Additionally, beyond the initial design of dynamic circuits, circuit updates and improvements driven by new and proposed new FET designs also benefit for the automated table generation process of embodiments of the present invention. For example, if a new FET model is manufactured or designed, circuit engineers may preferably plug in the new FET parameters into the simulation applications to re-simulate and generate the dynamic circuit design guidelines. In this manner, circuit engineers and designers may analyze circuit improvements of proposed new FET changes. Moreover, the circuit engineers and designers may preferably analyze the expected performance changes for various FET changes and selections without requiring substantial individual analysis.
It should be noted that the embodiment described herein addresses the circuit design criteria that may be used in the 501 dynamic circuit design methodology described in co-pending, commonly assigned patent application entitled, “SYSTEM AND METHOD FOR DESIGNING DYNAMIC CIRCUITS IN A SOI PROCESS,” Ser. No. 10/282,342, filed Oct. 29, 2002. The present invention is not limited to generating dynamic circuit design guidelines only in a SOI process nor only with the design methodology disclosed in the above-cited related application. The present invention may be applied to generating circuit design guidelines in other contexts as well.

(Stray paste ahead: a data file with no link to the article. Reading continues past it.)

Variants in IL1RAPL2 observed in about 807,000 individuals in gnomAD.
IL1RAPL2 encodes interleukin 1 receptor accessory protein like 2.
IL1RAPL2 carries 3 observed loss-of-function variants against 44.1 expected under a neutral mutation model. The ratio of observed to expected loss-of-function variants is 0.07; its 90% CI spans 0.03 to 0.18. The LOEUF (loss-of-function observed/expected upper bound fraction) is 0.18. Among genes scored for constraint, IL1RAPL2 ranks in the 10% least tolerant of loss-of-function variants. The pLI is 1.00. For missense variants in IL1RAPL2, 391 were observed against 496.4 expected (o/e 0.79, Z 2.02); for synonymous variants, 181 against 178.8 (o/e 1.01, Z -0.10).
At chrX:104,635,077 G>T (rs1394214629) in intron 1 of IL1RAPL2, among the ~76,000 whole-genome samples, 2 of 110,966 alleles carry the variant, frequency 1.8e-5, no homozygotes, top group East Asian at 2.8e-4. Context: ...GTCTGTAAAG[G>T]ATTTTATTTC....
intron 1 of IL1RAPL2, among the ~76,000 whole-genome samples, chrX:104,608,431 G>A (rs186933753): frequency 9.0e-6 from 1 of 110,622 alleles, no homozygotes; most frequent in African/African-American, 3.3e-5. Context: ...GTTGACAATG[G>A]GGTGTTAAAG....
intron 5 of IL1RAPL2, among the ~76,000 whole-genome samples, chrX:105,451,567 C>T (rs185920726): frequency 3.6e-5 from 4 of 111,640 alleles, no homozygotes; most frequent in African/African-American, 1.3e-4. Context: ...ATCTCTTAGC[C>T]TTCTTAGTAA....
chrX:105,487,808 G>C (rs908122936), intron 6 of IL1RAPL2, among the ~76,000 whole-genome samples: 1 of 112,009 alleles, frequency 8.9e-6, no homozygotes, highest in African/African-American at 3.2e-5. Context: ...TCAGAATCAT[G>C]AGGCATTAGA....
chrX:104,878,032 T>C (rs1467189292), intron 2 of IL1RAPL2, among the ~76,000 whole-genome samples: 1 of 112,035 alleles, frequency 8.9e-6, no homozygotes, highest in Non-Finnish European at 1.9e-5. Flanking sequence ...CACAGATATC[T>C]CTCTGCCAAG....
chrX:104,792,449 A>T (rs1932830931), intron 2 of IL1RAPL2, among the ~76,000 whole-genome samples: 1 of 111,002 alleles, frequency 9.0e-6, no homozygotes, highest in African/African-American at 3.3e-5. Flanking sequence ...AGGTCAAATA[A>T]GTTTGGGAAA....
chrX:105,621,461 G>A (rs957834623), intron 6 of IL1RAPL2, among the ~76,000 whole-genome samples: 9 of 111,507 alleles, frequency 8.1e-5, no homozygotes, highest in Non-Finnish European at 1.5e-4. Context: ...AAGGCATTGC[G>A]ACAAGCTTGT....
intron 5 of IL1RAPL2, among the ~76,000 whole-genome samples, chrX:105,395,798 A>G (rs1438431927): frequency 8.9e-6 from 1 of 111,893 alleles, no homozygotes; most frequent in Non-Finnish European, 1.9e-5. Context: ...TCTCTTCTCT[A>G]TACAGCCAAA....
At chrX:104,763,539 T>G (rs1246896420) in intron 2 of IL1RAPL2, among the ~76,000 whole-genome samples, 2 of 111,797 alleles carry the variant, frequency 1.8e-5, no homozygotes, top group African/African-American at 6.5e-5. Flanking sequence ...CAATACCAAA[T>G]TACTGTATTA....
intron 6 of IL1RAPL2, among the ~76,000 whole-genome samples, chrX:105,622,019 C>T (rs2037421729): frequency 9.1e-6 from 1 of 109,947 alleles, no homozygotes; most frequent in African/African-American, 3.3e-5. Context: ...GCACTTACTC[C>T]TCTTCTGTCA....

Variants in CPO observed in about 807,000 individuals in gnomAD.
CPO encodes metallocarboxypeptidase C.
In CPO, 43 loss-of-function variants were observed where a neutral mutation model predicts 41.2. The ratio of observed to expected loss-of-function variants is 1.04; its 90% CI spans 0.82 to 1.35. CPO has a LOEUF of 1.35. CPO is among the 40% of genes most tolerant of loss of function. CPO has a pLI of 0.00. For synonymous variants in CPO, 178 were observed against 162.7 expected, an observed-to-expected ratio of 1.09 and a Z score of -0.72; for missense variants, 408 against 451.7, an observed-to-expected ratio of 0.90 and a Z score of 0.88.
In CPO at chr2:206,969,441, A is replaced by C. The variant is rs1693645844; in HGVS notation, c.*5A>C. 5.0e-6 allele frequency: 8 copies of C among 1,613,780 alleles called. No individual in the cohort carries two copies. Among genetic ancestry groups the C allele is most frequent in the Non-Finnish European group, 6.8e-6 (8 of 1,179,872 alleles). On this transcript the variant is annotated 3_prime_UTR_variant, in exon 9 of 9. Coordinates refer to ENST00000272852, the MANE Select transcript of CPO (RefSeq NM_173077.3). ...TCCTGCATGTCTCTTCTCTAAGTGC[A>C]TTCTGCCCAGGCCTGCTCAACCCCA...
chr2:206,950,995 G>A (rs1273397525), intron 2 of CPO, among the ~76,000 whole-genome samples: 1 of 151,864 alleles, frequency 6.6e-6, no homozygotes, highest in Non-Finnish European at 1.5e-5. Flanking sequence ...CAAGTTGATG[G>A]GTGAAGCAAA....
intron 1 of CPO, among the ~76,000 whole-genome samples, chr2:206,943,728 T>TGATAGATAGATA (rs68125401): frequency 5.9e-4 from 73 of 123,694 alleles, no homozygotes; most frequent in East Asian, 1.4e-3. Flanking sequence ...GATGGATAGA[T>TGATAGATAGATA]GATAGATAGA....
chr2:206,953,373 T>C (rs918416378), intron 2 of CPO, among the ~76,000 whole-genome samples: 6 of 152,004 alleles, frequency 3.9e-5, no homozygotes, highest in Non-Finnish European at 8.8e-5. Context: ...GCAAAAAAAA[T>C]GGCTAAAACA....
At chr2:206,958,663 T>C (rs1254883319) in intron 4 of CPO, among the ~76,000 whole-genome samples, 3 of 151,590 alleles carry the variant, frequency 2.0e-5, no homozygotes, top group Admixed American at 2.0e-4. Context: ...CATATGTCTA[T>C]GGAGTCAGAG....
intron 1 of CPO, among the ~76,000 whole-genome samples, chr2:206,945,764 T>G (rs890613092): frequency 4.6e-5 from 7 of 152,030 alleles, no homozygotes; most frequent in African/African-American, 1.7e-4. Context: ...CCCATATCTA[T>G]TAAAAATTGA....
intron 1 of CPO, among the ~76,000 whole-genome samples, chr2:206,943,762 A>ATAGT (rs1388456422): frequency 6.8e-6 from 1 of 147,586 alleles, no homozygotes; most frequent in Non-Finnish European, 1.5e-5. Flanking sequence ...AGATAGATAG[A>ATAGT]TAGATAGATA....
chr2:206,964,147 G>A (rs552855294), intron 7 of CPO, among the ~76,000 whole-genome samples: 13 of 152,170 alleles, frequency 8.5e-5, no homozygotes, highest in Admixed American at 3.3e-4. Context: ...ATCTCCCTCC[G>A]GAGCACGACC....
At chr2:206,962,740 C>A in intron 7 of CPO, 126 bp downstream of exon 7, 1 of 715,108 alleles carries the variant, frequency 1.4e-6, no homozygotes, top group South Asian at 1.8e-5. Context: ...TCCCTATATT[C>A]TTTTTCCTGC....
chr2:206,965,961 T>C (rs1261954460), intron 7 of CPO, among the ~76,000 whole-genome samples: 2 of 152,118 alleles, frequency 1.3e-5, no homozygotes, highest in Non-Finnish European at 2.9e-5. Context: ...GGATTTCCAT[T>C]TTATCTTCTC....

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|Cooperative Classification||G06F17/5036, G06F17/5045|
|European Classification||G06F17/50D, G06F17/50C4|
|Jan 28, 2003||AS||Assignment|
Owner name: HEWLETT-PACKARD COMPANY, COLORADO
Free format text: ASSIGNMENT OF ASSIGNORS INTEREST;ASSIGNORS:LACHMAN, JONATHAN E.;GUNDERSON, JASON R.;MCFARLAND, ROBERT;REEL/FRAME:013714/0441;SIGNING DATES FROM 20021008 TO 20021015
|Jun 18, 2003||AS||Assignment|
Owner name: HEWLETT-PACKARD DEVELOPMENT COMPANY, L.P.,COLORADO
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|Nov 9, 2015||AS||Assignment|
Owner name: HEWLETT PACKARD ENTERPRISE DEVELOPMENT LP, TEXAS